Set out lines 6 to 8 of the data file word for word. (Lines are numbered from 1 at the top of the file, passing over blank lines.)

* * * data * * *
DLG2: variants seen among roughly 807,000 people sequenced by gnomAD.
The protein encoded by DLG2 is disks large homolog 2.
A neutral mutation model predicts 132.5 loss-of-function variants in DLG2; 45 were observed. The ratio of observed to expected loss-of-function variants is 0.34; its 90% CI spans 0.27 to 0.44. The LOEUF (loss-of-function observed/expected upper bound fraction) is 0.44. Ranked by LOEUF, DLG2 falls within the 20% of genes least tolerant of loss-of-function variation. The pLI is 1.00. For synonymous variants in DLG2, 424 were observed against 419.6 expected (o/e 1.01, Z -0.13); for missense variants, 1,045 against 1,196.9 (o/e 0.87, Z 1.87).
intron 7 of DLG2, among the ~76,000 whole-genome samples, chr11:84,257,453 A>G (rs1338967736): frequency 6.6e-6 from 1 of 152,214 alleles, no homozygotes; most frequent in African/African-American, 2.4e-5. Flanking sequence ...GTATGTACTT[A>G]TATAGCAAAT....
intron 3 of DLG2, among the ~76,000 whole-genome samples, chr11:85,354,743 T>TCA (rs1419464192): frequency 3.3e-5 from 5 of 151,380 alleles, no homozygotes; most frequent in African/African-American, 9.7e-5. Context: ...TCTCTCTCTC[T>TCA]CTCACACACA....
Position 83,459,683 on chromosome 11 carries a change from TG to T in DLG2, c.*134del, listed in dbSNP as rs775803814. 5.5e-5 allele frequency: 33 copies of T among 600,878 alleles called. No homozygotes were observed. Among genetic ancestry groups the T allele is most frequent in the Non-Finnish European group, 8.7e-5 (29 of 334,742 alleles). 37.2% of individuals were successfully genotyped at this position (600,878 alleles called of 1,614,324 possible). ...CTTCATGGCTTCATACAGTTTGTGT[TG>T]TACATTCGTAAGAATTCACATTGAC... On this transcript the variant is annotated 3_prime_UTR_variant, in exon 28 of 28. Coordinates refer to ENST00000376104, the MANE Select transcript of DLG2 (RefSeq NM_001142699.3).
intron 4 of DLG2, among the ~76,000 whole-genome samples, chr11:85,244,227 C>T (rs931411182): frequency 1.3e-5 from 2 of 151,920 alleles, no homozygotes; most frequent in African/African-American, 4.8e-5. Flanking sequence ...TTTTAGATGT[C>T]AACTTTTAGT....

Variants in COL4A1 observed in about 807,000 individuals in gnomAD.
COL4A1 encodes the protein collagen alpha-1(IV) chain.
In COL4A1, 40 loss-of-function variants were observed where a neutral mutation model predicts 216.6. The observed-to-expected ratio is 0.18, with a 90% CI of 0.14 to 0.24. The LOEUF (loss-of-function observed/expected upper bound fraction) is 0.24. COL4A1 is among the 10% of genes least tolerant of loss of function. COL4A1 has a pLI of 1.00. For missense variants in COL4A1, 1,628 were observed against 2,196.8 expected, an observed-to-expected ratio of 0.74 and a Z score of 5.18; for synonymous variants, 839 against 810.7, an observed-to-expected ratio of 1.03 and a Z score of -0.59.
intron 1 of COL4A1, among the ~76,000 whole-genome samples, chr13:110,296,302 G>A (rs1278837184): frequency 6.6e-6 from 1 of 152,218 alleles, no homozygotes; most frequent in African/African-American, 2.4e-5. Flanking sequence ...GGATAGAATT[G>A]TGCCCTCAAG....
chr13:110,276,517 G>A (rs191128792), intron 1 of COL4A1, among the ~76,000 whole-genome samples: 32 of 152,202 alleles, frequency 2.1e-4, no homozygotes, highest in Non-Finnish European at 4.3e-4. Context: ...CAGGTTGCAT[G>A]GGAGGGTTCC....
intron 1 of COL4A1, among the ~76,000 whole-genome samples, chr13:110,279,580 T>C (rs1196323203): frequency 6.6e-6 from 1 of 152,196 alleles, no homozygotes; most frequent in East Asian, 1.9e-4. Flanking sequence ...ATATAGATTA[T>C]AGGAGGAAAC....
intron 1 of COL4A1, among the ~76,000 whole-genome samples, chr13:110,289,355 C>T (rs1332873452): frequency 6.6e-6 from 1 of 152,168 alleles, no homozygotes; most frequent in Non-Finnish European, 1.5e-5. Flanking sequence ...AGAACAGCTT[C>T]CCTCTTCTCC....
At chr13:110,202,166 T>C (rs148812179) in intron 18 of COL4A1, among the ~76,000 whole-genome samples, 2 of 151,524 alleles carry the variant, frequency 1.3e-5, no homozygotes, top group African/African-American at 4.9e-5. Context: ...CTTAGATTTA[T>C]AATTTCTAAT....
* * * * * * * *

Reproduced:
Position 83,459,683 on chromosome 11 carries a change from TG to T in DLG2, c.*134del, listed in dbSNP as rs775803814. 5.5e-5 allele frequency: 33 copies of T among 600,878 alleles called. No homozygotes were observed. Among genetic ancestry groups the T allele is most frequent in the Non-Finnish European group, 8.7e-5 (29 of 334,742 alleles). 37.2% of individuals were successfully genotyped at this position (600,878 alleles called of 1,614,324 possible). ...CTTCATGGCTTCATACAGTTTGTGT[TG>T]TACATTCGTAAGAATTCACATTGAC... On this transcript the variant is annotated 3_prime_UTR_variant, in exon 28 of 28. Coordinates refer to ENST00000376104, the MANE Select transcript of DLG2 (RefSeq NM_001142699.3).
intron 4 of DLG2, among the ~76,000 whole-genome samples, chr11:85,244,227 C>T (rs931411182): frequency 1.3e-5 from 2 of 151,920 alleles, no homozygotes; most frequent in African/African-American, 4.8e-5. Flanking sequence ...TTTTAGATGT[C>T]AACTTTTAGT....

Variants in COL4A1 observed in about 807,000 individuals in gnomAD.